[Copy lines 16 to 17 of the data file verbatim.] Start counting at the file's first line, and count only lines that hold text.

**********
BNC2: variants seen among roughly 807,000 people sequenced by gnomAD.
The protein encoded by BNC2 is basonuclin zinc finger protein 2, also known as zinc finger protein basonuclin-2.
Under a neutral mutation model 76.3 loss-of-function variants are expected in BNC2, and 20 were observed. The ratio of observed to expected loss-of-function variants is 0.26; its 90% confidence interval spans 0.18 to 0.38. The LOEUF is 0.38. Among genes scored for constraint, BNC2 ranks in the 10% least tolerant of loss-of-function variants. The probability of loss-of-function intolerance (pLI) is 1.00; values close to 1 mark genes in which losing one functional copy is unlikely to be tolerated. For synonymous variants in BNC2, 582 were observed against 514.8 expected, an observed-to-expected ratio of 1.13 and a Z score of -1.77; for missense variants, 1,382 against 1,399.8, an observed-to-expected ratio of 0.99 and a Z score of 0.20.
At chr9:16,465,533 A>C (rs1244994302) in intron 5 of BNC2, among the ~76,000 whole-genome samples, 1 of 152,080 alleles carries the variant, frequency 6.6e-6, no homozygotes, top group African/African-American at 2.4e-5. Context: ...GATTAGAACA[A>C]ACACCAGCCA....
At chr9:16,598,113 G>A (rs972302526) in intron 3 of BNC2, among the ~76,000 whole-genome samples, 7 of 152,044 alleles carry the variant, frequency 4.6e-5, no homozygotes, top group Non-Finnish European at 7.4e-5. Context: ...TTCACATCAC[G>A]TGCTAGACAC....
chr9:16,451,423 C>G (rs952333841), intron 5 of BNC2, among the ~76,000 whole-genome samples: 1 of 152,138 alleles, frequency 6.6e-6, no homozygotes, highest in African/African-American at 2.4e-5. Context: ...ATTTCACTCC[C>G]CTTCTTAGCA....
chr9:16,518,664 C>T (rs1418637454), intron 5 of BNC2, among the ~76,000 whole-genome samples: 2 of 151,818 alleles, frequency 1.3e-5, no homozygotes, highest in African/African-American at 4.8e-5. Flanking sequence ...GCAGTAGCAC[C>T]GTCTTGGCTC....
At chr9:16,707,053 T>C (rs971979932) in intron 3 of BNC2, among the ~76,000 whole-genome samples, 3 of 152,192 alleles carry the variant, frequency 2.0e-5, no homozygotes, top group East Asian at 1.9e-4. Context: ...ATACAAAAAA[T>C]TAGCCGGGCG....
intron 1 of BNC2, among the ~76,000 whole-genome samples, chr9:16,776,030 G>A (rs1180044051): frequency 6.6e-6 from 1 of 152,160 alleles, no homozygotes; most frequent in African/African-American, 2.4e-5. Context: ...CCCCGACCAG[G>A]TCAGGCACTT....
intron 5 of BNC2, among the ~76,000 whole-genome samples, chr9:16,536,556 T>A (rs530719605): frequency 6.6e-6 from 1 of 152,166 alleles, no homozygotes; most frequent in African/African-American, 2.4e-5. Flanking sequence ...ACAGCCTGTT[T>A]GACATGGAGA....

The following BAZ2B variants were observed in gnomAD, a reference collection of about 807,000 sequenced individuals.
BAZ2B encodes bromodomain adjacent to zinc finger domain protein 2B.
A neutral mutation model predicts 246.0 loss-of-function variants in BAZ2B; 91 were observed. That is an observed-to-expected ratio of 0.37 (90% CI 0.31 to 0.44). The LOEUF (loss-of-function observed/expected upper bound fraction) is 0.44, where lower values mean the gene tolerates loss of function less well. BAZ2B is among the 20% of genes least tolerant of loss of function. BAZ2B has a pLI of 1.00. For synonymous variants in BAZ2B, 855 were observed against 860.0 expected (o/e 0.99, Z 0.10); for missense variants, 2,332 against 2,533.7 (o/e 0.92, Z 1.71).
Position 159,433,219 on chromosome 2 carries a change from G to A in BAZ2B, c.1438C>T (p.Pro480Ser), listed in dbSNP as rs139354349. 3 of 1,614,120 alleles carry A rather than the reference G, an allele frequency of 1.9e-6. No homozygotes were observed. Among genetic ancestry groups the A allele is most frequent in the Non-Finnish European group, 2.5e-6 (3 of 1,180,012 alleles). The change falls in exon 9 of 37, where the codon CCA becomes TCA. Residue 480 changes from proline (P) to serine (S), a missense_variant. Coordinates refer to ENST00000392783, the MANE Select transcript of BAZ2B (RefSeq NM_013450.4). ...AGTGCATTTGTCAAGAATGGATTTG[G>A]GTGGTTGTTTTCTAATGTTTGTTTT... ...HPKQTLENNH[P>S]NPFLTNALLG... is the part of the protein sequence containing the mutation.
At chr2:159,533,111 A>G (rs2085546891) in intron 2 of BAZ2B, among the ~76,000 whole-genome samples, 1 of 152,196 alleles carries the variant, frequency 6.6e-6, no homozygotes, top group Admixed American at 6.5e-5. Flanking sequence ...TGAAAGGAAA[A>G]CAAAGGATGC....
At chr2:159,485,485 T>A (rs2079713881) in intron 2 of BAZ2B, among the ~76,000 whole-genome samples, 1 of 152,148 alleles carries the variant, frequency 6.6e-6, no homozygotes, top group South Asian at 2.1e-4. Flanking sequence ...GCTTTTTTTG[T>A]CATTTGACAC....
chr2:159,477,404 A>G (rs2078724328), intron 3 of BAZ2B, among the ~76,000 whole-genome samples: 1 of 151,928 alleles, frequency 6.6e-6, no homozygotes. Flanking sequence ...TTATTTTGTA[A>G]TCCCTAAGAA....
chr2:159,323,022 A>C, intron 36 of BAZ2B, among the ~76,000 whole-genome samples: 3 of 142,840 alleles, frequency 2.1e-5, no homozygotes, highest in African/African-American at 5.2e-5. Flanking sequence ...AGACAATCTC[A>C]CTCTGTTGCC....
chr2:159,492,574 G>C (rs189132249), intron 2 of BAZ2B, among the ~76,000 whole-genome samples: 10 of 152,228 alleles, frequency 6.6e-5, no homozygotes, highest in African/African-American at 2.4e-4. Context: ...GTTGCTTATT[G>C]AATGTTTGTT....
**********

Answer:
At chr2:159,485,485 T>A (rs2079713881) in intron 2 of BAZ2B, among the ~76,000 whole-genome samples, 1 of 152,148 alleles carries the variant, frequency 6.6e-6, no homozygotes, top group South Asian at 2.1e-4. Flanking sequence ...GCTTTTTTTG[T>A]CATTTGACAC....
chr2:159,477,404 A>G (rs2078724328), intron 3 of BAZ2B, among the ~76,000 whole-genome samples: 1 of 151,928 alleles, frequency 6.6e-6, no homozygotes. Flanking sequence ...TTATTTTGTA[A>G]TCCCTAAGAA....